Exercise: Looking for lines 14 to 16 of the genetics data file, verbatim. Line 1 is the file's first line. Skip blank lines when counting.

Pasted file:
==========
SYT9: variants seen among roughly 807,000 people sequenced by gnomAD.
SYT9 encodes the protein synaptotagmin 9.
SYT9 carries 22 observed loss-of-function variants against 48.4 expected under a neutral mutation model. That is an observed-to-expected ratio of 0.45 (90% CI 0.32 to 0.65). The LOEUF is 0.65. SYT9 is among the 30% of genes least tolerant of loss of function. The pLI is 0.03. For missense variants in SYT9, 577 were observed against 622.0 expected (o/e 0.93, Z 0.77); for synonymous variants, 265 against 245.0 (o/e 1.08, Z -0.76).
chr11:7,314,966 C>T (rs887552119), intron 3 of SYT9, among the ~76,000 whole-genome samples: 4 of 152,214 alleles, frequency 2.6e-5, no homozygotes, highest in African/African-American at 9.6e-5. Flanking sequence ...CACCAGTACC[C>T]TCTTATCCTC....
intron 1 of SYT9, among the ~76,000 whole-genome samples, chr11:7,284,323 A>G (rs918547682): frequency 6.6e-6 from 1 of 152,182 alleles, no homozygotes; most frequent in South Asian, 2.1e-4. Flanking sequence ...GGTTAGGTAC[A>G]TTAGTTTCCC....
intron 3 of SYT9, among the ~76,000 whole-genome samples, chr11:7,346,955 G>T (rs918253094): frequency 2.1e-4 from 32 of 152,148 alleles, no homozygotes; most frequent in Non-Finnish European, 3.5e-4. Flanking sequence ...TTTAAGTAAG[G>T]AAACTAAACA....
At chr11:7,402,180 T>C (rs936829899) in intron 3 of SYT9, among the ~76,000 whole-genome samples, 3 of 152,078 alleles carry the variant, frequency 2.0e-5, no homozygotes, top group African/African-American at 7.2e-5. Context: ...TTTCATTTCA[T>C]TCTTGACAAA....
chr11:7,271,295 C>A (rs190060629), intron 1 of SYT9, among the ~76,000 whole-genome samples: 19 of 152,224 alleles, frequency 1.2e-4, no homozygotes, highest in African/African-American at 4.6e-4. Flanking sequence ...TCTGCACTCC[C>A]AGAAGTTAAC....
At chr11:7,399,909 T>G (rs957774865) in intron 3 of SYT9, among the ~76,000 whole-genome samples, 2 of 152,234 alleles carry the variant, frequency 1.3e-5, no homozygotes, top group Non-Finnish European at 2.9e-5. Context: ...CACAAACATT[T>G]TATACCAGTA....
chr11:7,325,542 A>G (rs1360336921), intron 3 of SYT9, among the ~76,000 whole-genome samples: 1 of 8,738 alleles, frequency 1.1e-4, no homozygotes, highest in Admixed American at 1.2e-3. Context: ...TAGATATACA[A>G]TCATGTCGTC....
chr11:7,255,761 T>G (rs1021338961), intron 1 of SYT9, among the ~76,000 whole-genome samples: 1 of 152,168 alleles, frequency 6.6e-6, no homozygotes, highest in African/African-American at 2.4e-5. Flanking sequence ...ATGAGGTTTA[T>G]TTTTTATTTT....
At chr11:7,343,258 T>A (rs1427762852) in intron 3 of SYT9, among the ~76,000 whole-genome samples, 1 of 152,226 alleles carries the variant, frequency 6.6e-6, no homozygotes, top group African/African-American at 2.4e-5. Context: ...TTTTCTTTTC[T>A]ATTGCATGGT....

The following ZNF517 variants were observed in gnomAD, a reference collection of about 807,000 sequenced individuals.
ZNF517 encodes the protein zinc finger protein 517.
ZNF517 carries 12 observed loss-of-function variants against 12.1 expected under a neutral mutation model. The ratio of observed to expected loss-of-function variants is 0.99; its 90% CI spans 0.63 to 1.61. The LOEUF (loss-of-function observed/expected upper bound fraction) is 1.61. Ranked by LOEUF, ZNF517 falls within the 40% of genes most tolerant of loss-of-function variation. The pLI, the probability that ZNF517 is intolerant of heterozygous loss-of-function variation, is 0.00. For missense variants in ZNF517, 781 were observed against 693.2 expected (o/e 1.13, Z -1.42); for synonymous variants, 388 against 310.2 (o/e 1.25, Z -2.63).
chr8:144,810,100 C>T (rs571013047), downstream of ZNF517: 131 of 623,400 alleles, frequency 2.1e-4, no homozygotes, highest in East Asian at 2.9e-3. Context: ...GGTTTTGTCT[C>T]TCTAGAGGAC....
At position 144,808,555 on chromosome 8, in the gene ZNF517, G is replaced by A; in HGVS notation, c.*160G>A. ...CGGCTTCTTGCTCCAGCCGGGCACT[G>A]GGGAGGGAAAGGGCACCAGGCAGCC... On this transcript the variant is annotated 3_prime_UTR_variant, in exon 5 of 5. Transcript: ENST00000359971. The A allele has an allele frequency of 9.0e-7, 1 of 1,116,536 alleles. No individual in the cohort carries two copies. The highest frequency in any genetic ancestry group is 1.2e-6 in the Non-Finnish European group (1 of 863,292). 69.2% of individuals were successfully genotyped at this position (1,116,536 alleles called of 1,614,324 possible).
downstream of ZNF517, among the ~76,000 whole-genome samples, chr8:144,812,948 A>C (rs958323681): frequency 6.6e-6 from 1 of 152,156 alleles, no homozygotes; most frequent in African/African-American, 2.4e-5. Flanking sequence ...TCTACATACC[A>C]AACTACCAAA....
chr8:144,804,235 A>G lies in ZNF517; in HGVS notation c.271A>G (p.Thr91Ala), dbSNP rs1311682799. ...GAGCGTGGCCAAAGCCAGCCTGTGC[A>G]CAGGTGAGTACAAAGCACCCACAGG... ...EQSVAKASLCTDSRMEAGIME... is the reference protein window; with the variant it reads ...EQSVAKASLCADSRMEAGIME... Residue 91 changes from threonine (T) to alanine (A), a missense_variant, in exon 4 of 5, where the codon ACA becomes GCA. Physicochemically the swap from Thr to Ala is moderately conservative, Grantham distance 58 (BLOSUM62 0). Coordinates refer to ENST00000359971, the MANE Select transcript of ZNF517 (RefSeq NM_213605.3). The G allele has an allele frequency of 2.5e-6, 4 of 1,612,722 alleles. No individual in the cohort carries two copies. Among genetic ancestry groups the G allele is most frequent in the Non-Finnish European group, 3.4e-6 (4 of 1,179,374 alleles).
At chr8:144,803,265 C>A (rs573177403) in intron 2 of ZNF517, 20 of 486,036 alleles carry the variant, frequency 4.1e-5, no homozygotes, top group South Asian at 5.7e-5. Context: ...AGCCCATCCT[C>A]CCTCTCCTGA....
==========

ZNF517 encodes the protein zinc finger protein 517.
ZNF517 carries 12 observed loss-of-function variants against 12.1 expected under a neutral mutation model. The ratio of observed to expected loss-of-function variants is 0.99; its 90% CI spans 0.63 to 1.61. The LOEUF (loss-of-function observed/expected upper bound fraction) is 1.61. Ranked by LOEUF, ZNF517 falls within the 40% of genes most tolerant of loss-of-function variation. The pLI, the probability that ZNF517 is intolerant of heterozygous loss-of-function variation, is 0.00. For missense variants in ZNF517, 781 were observed against 693.2 expected (o/e 1.13, Z -1.42); for synonymous variants, 388 against 310.2 (o/e 1.25, Z -2.63).
chr8:144,810,100 C>T (rs571013047), downstream of ZNF517: 131 of 623,400 alleles, frequency 2.1e-4, no homozygotes, highest in East Asian at 2.9e-3. Context: ...GGTTTTGTCT[C>T]TCTAGAGGAC....